The 54th Massachusetts Volunteer Infantry Regiment was one of the first federally recognized African American regiments that fought in the Civil War. An enlistment station for Company C was located in downtown New Bedford, adjacent to the U.S. Custom House.
William P. Powell, Jr. was born in New Bedford, Massachusetts in 1834 to an African American father and Wampanoag mother. He later became the first African American physician to receive a contract as a surgeon with the Union Army.
Powell — who trained at the College of Physicians and Surgeons in London, England — was assigned to Contraband Hospital in Washington, D.C. He served in D.C. from May 1863 through November 1864.
Powell died in England in 1915.
Isaiah King was a member of Company D of the 5th Massachusetts Calvary. King enlisted in New Bedford at the age of 16 in 1864, and participated in the Siege of Petersburg that year. His unit was among the first Union regiments to enter Richmond, Virginia on April 3, 1865. After the war, King served as commander of the Grand Army of the Republic Post 146 in New Bedford.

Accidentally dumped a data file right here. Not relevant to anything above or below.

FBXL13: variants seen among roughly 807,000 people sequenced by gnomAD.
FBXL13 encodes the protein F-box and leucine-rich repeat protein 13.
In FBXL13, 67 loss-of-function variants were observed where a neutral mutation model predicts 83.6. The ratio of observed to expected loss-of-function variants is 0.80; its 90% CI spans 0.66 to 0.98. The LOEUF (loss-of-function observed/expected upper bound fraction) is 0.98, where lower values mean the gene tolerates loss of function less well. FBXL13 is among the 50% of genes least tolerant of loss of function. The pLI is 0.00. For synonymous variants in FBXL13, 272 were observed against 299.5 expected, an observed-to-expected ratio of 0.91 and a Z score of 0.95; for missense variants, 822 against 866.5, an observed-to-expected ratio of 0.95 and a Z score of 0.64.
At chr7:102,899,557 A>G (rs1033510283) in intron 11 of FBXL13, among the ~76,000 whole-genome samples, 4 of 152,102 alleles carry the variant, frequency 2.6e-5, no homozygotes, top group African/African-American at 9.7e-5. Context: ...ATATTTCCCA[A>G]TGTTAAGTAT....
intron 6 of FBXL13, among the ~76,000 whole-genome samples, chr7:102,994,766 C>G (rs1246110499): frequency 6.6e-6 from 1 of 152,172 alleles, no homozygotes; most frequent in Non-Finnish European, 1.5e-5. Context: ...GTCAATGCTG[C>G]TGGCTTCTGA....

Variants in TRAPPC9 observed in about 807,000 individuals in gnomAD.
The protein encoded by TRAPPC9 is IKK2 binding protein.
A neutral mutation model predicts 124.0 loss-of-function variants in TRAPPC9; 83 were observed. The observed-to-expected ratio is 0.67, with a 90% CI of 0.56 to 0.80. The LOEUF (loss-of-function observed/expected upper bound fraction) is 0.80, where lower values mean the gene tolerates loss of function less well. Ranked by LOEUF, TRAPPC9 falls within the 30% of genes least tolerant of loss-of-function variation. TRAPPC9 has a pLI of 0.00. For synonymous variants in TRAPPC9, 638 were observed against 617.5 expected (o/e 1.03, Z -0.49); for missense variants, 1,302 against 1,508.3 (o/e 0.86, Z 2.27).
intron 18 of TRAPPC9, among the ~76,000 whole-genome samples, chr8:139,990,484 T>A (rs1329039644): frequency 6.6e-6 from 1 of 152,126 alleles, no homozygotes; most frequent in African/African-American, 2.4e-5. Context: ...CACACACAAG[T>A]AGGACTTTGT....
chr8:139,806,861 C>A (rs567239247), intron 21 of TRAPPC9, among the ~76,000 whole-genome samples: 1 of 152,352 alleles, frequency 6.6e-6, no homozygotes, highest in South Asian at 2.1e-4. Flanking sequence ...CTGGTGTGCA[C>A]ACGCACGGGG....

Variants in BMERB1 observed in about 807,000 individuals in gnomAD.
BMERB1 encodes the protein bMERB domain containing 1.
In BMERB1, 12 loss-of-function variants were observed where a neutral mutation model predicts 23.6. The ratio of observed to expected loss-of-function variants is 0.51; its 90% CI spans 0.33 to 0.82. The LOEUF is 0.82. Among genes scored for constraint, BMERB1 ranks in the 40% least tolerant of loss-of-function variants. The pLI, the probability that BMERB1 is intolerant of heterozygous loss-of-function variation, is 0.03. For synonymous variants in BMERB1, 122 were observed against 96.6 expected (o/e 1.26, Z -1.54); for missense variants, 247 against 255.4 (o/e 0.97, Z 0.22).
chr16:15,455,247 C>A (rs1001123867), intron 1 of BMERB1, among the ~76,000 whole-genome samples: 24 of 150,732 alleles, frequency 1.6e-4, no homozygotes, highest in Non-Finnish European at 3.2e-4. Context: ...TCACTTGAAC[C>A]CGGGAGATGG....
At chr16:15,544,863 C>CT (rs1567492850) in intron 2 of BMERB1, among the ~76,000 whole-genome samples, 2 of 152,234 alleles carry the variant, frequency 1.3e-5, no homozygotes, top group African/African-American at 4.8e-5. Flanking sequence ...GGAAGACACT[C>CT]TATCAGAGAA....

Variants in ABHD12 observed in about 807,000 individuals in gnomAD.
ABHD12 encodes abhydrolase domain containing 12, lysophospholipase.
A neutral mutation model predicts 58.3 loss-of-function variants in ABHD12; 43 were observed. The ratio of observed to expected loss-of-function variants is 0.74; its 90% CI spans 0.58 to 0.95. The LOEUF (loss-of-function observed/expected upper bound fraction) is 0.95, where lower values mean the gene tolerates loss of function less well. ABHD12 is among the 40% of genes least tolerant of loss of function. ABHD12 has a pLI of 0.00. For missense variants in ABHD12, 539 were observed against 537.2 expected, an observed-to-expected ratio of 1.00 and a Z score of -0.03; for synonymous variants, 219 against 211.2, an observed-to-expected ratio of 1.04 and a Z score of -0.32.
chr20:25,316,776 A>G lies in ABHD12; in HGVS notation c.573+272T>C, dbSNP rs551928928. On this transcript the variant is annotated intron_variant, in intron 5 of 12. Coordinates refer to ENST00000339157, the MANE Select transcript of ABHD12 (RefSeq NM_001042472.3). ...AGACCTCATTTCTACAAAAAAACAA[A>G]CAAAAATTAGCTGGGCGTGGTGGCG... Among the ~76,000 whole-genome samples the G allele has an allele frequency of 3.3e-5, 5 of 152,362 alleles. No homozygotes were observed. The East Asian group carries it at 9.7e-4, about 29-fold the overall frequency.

He died on February 13, 1933.
54th Massachusetts Volunteer Infantry Memorial
Tobey & Coggeshall
Tobey & Coggeshall was a successful New Bedford tinsmith and plumbing storefront located directly west of the U.S. Custom House. In 1863, the building also served as the recruiting office for Company C of the 54th Massachusetts Infantry.
54th Regiment Massachusetts Volunteer Infantry Regiment Mural
(Located in the parking lot)
Last updated: April 8, 2021